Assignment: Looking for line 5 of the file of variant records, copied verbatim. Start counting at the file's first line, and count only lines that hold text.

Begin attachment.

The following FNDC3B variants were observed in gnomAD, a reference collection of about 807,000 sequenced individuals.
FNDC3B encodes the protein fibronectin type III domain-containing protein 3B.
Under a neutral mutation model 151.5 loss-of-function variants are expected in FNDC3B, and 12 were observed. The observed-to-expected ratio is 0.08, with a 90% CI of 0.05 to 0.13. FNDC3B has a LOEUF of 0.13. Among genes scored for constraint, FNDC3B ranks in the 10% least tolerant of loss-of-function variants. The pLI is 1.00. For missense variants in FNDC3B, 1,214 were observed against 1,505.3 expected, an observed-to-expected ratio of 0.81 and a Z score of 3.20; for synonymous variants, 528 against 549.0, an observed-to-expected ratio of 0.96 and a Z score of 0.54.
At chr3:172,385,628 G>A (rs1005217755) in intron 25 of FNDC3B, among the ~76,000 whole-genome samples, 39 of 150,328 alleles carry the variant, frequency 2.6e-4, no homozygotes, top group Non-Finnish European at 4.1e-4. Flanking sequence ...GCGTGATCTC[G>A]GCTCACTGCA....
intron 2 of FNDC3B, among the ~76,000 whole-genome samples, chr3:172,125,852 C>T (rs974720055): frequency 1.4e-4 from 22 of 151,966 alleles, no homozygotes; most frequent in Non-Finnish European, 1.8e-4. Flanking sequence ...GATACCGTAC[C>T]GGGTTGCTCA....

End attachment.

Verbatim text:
intron 2 of FNDC3B, among the ~76,000 whole-genome samples, chr3:172,125,852 C>T (rs974720055): frequency 1.4e-4 from 22 of 151,966 alleles, no homozygotes; most frequent in Non-Finnish European, 1.8e-4. Flanking sequence ...GATACCGTAC[C>T]GGGTTGCTCA....